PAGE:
>>lasso_type(structure, [1,12], more_info=True)
{(1, 12): {'class': 'L+2C', 'beforeN': [], 'beforeC': ['+25', '-27'], 'crossingsN': [], 'crossingsC': ['+25', '-27'],
'Area': 100.766, 'loop_length': 36.0001, 'Rg': 8.12732, 'smoothing_iterations': 0}}
```

To get the files to plot the structure with surface and crossings idicated in different tools
(VMD, Jsmol, Mathematica) use parameter **pic_files**.

If you were only interested in a shape of minimal surface, type:

```
>>make_surface(structure, [1,30])
[{'A': {'x': -5.796, 'y': -0.0, 'z': 0.0}, 'B': {'x': 0.0, 'y': 0.0, 'z': 0.0}, 'C': {'x': -5.019, 'y': 2.898, 'z': 0.0}},
{'A': {'x': -5.019, 'y': 2.898, 'z': 0.0}, 'B': {'x': 0.0, 'y': 0.0, 'z': 0.0}, 'C': {'x': -2.898, 'y': 5.019, 'z': 0.0}},
{'A': {'x': -2.898, 'y': 5.019, 'z': 0.0}, 'B': {'x': 0.0, 'y': 0.0, 'z': 0.0}, 'C': {'x': -0.0, 'y': 5.796, 'z': 0.0}},
{'A':....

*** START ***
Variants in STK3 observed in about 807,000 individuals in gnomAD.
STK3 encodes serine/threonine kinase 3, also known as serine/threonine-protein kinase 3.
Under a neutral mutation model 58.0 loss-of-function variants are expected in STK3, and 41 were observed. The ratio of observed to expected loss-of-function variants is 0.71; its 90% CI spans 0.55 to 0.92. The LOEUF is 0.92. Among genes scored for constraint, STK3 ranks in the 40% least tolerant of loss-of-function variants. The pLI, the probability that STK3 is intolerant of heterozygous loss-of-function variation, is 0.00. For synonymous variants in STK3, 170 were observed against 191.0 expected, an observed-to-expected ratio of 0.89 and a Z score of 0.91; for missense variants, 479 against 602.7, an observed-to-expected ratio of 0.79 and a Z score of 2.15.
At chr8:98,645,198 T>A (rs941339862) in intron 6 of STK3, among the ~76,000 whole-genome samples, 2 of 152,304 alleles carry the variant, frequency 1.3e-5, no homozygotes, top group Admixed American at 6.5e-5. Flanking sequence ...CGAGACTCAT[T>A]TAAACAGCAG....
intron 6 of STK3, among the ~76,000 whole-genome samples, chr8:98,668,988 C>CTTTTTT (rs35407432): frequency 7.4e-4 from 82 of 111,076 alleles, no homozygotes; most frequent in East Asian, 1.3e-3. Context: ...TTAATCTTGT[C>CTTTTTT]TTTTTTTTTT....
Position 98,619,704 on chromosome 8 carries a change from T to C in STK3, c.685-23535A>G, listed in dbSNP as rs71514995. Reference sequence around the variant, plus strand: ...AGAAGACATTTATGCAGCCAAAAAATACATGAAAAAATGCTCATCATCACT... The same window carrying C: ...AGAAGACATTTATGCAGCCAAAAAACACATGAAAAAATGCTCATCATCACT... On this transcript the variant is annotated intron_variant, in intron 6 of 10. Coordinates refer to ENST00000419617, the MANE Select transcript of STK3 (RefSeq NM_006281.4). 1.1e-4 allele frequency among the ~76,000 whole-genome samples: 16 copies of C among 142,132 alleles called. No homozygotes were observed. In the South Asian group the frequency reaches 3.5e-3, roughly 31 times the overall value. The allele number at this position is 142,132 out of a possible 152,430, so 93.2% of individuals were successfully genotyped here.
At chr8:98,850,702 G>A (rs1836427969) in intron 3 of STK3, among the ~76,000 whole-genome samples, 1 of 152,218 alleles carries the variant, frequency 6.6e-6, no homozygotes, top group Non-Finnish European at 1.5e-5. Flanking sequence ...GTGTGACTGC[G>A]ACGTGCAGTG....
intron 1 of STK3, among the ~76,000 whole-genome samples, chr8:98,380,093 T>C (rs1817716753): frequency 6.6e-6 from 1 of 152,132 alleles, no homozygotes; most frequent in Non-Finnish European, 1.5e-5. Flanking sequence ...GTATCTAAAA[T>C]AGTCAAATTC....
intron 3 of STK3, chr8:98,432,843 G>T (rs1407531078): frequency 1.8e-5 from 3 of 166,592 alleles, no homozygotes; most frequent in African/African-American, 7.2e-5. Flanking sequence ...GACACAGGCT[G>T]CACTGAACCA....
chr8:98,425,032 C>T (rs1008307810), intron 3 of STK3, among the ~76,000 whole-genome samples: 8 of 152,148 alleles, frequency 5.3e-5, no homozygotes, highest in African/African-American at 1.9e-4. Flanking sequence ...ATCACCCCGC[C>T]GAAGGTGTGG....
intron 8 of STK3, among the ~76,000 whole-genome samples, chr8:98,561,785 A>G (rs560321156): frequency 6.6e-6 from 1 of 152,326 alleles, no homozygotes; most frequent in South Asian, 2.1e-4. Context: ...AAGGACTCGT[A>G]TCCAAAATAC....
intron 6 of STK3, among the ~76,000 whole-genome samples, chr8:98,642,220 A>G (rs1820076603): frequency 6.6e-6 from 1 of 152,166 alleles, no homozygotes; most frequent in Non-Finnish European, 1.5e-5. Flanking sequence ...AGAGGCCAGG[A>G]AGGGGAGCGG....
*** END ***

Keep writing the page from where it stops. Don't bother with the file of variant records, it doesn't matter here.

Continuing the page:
```

to get a complete information about a mesh creating a minimal surface.

## Random polygons generation¶

Documentation section: Random polygons generation.

You can generate equilateral random walks, random loops and structures composed of them: lassos and handcuffs. Loop generation in these functions is based on Jason Cantarellas work. To generate such structures type:

```
>>generate_walk(30, 100) # 100 walks of length 30
>>generate_loop(27, 100) # 100 loops of length 27
>>generate_lasso(12, 8, 100) # 100 lassos with loop length of 12 and tail length of 8
>>generate_handcuff([4,7], 5, 100) # 100 handcuffs with loops of length 4 and 7 and tail length of 5